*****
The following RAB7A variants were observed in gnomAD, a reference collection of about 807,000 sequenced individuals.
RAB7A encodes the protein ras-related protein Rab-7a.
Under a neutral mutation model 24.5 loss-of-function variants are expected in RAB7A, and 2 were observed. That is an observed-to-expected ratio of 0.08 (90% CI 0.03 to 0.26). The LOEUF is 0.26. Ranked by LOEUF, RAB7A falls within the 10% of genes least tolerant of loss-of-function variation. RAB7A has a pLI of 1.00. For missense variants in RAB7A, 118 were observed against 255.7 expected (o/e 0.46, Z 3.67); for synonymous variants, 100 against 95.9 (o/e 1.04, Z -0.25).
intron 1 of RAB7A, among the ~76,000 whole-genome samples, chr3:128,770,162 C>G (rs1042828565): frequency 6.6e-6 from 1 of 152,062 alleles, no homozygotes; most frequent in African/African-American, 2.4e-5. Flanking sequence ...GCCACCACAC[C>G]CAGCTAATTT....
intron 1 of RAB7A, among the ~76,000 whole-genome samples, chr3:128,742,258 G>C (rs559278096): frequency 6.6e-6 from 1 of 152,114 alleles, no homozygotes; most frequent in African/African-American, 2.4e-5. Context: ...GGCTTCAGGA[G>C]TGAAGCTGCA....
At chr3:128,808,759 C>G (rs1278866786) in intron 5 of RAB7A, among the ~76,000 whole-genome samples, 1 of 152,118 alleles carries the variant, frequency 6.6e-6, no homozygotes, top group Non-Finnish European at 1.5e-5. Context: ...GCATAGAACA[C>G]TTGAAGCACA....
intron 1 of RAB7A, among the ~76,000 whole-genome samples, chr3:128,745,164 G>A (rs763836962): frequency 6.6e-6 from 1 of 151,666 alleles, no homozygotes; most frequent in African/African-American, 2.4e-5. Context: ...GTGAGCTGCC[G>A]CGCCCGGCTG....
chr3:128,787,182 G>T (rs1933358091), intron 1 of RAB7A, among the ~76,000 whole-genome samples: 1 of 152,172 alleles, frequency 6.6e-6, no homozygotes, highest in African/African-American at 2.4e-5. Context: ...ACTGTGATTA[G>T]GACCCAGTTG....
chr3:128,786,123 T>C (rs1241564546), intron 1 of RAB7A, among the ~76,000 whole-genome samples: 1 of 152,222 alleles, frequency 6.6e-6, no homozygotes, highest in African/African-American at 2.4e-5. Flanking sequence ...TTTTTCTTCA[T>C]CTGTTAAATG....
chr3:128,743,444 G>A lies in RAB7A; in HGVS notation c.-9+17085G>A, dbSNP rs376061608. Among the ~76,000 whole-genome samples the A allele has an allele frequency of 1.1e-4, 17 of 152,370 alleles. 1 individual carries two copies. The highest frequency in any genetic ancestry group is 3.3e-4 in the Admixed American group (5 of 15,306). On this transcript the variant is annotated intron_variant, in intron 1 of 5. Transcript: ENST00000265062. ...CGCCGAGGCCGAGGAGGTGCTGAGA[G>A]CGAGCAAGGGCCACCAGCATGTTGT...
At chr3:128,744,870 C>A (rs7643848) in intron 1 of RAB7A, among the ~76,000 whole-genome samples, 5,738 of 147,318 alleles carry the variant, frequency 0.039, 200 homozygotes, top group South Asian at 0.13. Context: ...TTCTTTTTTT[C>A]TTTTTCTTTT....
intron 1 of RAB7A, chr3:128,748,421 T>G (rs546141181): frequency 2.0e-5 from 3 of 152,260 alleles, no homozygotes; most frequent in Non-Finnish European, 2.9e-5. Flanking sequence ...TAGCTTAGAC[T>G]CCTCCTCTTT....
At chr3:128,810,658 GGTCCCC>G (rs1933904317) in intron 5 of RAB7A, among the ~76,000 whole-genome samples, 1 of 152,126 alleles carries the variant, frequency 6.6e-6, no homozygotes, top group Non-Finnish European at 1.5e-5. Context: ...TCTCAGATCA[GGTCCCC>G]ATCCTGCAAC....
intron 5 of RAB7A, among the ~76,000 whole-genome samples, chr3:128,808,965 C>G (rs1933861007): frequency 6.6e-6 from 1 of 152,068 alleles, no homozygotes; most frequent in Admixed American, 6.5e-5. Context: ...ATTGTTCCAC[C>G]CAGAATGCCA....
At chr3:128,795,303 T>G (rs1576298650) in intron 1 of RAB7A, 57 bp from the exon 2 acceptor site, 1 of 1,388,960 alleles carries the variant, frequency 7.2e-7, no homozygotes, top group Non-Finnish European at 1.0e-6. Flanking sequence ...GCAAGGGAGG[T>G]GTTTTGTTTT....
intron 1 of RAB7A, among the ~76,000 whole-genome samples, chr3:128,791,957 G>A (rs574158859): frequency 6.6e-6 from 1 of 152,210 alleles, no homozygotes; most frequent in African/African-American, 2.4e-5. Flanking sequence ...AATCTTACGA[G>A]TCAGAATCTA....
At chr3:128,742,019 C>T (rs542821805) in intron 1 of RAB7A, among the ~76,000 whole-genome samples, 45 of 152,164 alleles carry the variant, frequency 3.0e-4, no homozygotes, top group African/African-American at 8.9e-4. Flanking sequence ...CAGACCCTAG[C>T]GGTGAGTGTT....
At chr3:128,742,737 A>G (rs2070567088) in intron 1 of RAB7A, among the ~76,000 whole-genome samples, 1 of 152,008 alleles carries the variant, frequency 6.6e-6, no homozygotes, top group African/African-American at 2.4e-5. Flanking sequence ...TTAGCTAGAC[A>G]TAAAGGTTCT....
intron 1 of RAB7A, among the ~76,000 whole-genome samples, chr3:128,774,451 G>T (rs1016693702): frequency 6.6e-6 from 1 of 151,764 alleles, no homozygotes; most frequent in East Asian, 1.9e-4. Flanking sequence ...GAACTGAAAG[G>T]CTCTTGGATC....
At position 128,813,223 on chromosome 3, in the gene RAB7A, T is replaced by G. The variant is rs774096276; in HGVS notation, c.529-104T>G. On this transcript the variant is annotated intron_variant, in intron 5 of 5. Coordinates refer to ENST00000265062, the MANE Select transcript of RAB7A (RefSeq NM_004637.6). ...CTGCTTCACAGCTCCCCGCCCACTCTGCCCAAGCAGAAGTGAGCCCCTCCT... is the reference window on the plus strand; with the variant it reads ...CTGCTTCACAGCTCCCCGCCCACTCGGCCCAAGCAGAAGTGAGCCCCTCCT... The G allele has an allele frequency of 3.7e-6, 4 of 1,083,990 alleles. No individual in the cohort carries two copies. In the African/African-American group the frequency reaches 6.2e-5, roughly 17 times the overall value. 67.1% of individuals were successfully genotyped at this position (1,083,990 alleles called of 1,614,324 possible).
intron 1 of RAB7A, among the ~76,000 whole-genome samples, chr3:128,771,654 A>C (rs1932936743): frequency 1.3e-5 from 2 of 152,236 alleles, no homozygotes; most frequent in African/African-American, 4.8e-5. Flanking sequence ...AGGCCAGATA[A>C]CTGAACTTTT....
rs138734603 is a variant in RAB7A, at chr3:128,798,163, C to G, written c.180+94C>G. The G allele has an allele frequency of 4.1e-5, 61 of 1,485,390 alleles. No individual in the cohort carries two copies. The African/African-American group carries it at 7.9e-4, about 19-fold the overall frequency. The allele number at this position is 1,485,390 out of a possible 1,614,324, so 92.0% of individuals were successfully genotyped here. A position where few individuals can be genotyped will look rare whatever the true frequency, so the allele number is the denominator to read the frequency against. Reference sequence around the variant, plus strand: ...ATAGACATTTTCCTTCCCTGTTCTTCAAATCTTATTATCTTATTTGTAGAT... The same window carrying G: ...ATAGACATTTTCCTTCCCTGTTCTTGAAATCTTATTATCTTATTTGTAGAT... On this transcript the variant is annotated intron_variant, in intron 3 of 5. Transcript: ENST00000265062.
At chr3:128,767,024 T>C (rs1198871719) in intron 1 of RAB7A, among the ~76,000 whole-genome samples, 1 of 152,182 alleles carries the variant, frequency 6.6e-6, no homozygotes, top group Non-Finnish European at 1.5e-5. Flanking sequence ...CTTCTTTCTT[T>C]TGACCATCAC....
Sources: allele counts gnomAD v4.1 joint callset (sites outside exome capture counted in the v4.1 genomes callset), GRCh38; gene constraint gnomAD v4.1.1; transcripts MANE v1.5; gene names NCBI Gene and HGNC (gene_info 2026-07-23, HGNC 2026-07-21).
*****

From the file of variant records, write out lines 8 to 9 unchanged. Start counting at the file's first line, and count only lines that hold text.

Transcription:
chr3:128,787,182 G>T (rs1933358091), intron 1 of RAB7A, among the ~76,000 whole-genome samples: 1 of 152,172 alleles, frequency 6.6e-6, no homozygotes, highest in African/African-American at 2.4e-5. Context: ...ACTGTGATTA[G>T]GACCCAGTTG....
chr3:128,786,123 T>C (rs1241564546), intron 1 of RAB7A, among the ~76,000 whole-genome samples: 1 of 152,222 alleles, frequency 6.6e-6, no homozygotes, highest in African/African-American at 2.4e-5. Flanking sequence ...TTTTTCTTCA[T>C]CTGTTAAATG....